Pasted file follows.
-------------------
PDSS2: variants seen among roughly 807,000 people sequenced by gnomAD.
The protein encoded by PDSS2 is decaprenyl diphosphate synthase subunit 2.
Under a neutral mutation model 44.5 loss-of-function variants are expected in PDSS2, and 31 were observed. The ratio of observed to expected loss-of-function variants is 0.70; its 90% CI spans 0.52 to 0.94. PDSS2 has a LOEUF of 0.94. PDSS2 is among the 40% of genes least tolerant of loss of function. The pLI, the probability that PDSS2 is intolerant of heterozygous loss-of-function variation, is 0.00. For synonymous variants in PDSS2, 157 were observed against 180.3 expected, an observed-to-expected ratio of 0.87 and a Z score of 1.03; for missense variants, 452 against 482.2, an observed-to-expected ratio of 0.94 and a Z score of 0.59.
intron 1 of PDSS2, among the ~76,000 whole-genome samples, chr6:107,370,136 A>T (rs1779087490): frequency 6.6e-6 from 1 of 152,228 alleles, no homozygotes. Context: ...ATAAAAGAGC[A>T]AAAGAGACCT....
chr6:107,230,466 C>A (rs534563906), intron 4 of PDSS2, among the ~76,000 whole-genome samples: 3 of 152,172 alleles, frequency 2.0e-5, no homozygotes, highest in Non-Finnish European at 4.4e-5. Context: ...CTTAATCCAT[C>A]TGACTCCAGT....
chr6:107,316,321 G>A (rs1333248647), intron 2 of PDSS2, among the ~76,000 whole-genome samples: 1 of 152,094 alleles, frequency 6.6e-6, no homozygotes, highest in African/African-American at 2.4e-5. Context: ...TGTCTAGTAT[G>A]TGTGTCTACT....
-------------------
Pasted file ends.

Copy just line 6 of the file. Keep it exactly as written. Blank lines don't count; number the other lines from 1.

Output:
chr6:107,316,321 G>A (rs1333248647), intron 2 of PDSS2, among the ~76,000 whole-genome samples: 1 of 152,094 alleles, frequency 6.6e-6, no homozygotes, highest in African/African-American at 2.4e-5. Context: ...TGTCTAGTAT[G>A]TGTGTCTACT....